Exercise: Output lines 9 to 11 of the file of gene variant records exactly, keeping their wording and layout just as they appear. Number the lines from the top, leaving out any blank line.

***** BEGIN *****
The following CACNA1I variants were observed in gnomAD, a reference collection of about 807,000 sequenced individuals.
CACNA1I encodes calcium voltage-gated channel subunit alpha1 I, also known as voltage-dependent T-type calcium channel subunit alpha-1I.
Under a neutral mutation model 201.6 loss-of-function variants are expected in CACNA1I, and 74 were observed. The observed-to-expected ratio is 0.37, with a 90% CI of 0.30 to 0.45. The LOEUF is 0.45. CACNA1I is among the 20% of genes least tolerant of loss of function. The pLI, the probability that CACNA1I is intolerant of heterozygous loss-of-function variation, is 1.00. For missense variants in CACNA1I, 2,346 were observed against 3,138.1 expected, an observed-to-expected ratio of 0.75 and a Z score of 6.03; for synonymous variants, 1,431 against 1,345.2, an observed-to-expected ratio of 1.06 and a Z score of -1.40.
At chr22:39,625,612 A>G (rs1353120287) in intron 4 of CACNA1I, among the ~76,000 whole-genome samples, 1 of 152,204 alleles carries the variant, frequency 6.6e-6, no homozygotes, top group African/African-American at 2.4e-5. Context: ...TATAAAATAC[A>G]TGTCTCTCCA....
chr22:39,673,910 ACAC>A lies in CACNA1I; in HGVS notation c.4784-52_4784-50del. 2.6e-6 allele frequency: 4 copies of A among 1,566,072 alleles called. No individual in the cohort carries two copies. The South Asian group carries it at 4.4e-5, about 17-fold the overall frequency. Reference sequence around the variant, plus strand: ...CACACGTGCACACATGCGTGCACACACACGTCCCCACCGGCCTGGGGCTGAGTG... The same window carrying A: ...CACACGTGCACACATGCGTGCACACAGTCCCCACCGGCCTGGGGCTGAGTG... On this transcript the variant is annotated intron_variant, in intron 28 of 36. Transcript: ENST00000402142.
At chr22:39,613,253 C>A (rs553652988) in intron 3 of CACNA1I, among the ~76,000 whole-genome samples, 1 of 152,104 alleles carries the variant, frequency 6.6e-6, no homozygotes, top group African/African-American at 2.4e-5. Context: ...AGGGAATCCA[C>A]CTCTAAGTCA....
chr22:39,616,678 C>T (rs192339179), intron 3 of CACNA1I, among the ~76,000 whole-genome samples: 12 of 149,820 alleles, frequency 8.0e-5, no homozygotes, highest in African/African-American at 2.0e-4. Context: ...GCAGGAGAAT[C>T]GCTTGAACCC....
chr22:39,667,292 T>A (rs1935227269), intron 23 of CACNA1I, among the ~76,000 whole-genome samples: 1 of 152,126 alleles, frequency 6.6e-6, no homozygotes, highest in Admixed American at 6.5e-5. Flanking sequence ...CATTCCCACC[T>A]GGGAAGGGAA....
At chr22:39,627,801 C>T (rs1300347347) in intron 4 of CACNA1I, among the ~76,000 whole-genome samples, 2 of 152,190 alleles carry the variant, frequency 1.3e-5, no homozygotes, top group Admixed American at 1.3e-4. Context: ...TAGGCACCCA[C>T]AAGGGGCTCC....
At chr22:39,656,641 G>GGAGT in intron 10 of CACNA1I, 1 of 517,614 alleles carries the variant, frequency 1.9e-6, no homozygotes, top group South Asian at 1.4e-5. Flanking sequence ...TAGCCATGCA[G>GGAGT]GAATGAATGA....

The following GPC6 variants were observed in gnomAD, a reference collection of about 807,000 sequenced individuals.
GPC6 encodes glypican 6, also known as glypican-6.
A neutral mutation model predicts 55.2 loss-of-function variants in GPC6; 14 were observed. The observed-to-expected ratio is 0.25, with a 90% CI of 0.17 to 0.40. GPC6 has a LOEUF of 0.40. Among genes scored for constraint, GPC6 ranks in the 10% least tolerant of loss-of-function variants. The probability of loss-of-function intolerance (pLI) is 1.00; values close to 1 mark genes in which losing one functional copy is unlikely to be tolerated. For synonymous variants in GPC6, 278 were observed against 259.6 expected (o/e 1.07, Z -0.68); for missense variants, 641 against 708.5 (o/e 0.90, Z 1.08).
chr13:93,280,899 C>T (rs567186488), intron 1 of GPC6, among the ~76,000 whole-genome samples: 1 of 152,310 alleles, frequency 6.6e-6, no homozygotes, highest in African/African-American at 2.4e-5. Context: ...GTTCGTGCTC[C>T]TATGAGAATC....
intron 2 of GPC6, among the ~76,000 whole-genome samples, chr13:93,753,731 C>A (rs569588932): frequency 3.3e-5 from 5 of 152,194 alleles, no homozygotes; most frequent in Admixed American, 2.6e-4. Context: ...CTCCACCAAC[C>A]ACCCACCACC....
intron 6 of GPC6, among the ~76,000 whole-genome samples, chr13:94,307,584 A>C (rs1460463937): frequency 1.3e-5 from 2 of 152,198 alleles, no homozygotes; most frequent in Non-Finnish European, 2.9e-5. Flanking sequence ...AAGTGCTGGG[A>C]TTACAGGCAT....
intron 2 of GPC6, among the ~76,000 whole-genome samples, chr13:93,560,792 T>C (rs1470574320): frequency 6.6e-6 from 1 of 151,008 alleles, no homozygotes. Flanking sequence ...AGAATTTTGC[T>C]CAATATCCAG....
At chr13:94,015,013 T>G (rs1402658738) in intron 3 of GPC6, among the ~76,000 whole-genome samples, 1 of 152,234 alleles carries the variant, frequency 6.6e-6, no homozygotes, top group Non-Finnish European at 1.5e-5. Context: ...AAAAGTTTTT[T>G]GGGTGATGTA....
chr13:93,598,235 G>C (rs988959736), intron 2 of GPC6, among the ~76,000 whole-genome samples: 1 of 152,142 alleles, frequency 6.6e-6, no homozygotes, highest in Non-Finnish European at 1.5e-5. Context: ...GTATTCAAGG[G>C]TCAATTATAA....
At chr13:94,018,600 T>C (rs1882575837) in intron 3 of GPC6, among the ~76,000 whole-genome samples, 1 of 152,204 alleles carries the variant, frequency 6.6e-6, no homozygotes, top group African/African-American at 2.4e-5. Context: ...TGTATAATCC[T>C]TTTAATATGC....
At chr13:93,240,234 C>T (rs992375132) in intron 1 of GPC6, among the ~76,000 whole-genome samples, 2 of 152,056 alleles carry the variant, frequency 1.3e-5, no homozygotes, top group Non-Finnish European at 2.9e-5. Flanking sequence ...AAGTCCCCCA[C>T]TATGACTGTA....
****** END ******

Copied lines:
At chr22:39,627,801 C>T (rs1300347347) in intron 4 of CACNA1I, among the ~76,000 whole-genome samples, 2 of 152,190 alleles carry the variant, frequency 1.3e-5, no homozygotes, top group Admixed American at 1.3e-4. Context: ...TAGGCACCCA[C>T]AAGGGGCTCC....
At chr22:39,656,641 G>GGAGT in intron 10 of CACNA1I, 1 of 517,614 alleles carries the variant, frequency 1.9e-6, no homozygotes, top group South Asian at 1.4e-5. Flanking sequence ...TAGCCATGCA[G>GGAGT]GAATGAATGA....

The following GPC6 variants were observed in gnomAD, a reference collection of about 807,000 sequenced individuals.